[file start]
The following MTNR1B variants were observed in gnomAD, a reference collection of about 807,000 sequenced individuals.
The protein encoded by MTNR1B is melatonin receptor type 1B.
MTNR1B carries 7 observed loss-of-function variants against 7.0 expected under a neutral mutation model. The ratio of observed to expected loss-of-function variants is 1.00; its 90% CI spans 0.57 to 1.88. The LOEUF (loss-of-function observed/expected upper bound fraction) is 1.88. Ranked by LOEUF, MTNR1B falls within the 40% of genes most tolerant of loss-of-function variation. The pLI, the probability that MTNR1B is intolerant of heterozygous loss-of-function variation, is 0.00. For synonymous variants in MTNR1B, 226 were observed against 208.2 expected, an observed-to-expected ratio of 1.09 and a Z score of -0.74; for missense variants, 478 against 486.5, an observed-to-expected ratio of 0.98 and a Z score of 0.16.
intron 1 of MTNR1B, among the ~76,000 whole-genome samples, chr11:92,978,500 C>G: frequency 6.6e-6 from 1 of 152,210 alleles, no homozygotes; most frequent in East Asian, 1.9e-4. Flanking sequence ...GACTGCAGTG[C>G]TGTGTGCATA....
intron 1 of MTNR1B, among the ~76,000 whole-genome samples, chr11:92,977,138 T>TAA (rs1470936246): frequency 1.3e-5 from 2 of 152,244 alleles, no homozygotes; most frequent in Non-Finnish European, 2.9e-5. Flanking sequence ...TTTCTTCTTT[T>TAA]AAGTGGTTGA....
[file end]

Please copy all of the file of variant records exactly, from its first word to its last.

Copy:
The following MTNR1B variants were observed in gnomAD, a reference collection of about 807,000 sequenced individuals.
The protein encoded by MTNR1B is melatonin receptor type 1B.
MTNR1B carries 7 observed loss-of-function variants against 7.0 expected under a neutral mutation model. The ratio of observed to expected loss-of-function variants is 1.00; its 90% CI spans 0.57 to 1.88. The LOEUF (loss-of-function observed/expected upper bound fraction) is 1.88. Ranked by LOEUF, MTNR1B falls within the 40% of genes most tolerant of loss-of-function variation. The pLI, the probability that MTNR1B is intolerant of heterozygous loss-of-function variation, is 0.00. For synonymous variants in MTNR1B, 226 were observed against 208.2 expected, an observed-to-expected ratio of 1.09 and a Z score of -0.74; for missense variants, 478 against 486.5, an observed-to-expected ratio of 0.98 and a Z score of 0.16.
intron 1 of MTNR1B, among the ~76,000 whole-genome samples, chr11:92,978,500 C>G: frequency 6.6e-6 from 1 of 152,210 alleles, no homozygotes; most frequent in East Asian, 1.9e-4. Flanking sequence ...GACTGCAGTG[C>G]TGTGTGCATA....
intron 1 of MTNR1B, among the ~76,000 whole-genome samples, chr11:92,977,138 T>TAA (rs1470936246): frequency 1.3e-5 from 2 of 152,244 alleles, no homozygotes; most frequent in Non-Finnish European, 2.9e-5. Flanking sequence ...TTTCTTCTTT[T>TAA]AAGTGGTTGA....